BEIJING (Reuters) - Universal Studios said on Monday it had sealed an agreement to open a $3.3 billion (2.05 billion pound) theme park in Beijing, the culmination of a 13-year effort to enter China’s fast-growing entertainment market.
U.S. theme park operators are rushing to build in China, which has few high quality parks but where park revenues have been growing rapidly as city dwellers spend more on entertainment and travel.
The Beijing Universal theme park, to be developed with the state firm Beijing Tourism Group Co, will have China-themed attractions in addition to well known ones based on Western brands like the Harry Potter series.
Tom Williams, chief executive of Universal Parks and Resorts, told a news conference in Beijing that the park would also aim to draw visitors from outside China, while Hollywood director Steven Spielberg said on video that he would be participating in its design.
“There is Disneyland in Hong Kong, but there isn’t really anything of equivalent quality of a tourist attraction on the mainland yet,” said James Roy, associate principle of China Market Research Group. “It has a chance to be very successful.”
It will compete against rival Walt Disney Co, which is constructing a $4.4 billion theme park set to be completed next year, as well as a $3.1 billion entertainment complex that DreamWorks Animation SKG Inc and Chinese partners are working to finish by 2016. Both of those parks will be located in Shanghai.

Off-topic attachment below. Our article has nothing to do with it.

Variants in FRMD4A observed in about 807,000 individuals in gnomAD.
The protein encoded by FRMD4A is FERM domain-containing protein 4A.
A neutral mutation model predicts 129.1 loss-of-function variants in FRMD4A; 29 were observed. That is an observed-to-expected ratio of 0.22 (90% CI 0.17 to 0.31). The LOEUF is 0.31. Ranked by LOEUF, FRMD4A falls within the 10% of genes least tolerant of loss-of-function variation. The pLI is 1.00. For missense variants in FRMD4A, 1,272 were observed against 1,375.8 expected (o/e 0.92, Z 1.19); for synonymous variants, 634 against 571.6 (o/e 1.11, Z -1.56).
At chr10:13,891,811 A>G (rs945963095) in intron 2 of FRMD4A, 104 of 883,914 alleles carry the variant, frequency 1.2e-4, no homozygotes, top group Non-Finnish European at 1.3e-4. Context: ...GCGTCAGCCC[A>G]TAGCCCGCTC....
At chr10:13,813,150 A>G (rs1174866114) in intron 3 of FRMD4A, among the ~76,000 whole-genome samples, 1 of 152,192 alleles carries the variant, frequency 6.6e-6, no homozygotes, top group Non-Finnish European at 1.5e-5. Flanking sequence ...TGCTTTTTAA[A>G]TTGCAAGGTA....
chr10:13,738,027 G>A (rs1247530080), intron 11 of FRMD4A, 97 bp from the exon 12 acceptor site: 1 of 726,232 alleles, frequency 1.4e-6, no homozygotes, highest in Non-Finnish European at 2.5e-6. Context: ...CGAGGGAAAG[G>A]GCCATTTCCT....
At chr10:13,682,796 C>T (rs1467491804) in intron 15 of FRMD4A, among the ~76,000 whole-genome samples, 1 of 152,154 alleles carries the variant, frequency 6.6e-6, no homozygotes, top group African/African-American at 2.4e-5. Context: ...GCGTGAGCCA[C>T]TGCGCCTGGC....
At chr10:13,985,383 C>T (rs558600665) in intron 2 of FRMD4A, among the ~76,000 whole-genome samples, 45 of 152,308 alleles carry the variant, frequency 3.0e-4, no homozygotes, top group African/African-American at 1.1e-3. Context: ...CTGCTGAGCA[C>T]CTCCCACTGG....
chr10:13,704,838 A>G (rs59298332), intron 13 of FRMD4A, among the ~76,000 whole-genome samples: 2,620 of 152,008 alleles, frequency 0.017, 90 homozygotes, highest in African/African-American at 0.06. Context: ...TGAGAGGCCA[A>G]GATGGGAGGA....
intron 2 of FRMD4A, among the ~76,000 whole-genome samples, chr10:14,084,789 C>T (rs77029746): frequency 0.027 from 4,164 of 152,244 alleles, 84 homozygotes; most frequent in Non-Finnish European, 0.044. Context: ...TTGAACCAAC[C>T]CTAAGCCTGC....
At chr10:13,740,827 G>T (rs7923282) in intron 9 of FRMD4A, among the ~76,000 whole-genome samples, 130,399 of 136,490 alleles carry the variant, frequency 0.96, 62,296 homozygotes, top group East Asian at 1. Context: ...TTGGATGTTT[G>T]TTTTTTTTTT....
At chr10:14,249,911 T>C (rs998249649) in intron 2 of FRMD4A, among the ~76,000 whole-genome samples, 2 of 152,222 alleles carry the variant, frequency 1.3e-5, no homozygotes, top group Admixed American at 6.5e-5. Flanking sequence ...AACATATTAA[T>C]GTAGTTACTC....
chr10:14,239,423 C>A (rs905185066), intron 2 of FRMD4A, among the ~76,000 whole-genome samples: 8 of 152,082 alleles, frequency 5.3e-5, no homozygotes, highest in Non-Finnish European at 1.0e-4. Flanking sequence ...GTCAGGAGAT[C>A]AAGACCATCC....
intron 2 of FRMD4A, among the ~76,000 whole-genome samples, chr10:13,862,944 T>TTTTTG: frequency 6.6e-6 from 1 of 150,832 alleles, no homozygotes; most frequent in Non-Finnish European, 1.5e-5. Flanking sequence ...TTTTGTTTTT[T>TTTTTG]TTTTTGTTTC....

Universal declined to comment on an opening date but a local newspaper said the opening was slated for 2019.
Universal Studios is part of NBCUniversal, a media and entertainment unit of Comcast Corp, the largest cable company in the United States. It operates four theme parks - in Los Angeles, Orlando, Osaka and Singapore.
Comcast reported $1 billion in total theme park income in 2013.
Universal and Beijing Tourism Group (BTG) will create two joint-venture companies to build and manage the project. BTG will hold 70 percent of the construction firm, while Universal will hold 70 percent of the operating company.
Reporting by Beijing newsroom; Writing by Matthew Miller; Editing by Edwina Gibbs